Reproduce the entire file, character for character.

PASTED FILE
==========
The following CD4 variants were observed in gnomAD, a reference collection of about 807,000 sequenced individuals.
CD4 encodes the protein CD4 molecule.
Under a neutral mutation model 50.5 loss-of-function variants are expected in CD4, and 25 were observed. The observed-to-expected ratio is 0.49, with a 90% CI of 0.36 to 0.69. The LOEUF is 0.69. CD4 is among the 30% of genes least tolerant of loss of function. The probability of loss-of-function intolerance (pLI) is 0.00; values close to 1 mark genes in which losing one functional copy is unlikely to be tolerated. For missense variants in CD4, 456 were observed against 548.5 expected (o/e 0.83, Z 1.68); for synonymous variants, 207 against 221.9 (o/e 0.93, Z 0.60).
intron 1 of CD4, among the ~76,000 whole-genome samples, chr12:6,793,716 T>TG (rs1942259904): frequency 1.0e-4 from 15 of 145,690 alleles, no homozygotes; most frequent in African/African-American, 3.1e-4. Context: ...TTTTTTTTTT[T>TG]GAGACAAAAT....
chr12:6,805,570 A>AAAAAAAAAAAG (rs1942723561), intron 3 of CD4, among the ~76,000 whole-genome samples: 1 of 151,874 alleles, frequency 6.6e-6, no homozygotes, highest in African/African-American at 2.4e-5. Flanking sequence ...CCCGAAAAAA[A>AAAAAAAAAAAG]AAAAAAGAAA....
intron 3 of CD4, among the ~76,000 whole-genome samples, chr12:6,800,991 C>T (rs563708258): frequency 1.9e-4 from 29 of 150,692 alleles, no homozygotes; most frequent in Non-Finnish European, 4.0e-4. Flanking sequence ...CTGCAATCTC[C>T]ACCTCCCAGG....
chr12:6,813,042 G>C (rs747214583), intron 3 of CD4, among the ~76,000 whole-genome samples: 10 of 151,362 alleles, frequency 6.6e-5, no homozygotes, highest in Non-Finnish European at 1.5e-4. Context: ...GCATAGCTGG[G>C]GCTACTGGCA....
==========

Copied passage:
The following CD4 variants were observed in gnomAD, a reference collection of about 807,000 sequenced individuals.
CD4 encodes the protein CD4 molecule.
Under a neutral mutation model 50.5 loss-of-function variants are expected in CD4, and 25 were observed. The observed-to-expected ratio is 0.49, with a 90% CI of 0.36 to 0.69. The LOEUF is 0.69. CD4 is among the 30% of genes least tolerant of loss of function. The probability of loss-of-function intolerance (pLI) is 0.00; values close to 1 mark genes in which losing one functional copy is unlikely to be tolerated. For missense variants in CD4, 456 were observed against 548.5 expected (o/e 0.83, Z 1.68); for synonymous variants, 207 against 221.9 (o/e 0.93, Z 0.60).
intron 1 of CD4, among the ~76,000 whole-genome samples, chr12:6,793,716 T>TG (rs1942259904): frequency 1.0e-4 from 15 of 145,690 alleles, no homozygotes; most frequent in African/African-American, 3.1e-4. Context: ...TTTTTTTTTT[T>TG]GAGACAAAAT....
chr12:6,805,570 A>AAAAAAAAAAAG (rs1942723561), intron 3 of CD4, among the ~76,000 whole-genome samples: 1 of 151,874 alleles, frequency 6.6e-6, no homozygotes, highest in African/African-American at 2.4e-5. Flanking sequence ...CCCGAAAAAA[A>AAAAAAAAAAAG]AAAAAAGAAA....
intron 3 of CD4, among the ~76,000 whole-genome samples, chr12:6,800,991 C>T (rs563708258): frequency 1.9e-4 from 29 of 150,692 alleles, no homozygotes; most frequent in Non-Finnish European, 4.0e-4. Flanking sequence ...CTGCAATCTC[C>T]ACCTCCCAGG....
chr12:6,813,042 G>C (rs747214583), intron 3 of CD4, among the ~76,000 whole-genome samples: 10 of 151,362 alleles, frequency 6.6e-5, no homozygotes, highest in Non-Finnish European at 1.5e-4. Context: ...GCATAGCTGG[G>C]GCTACTGGCA....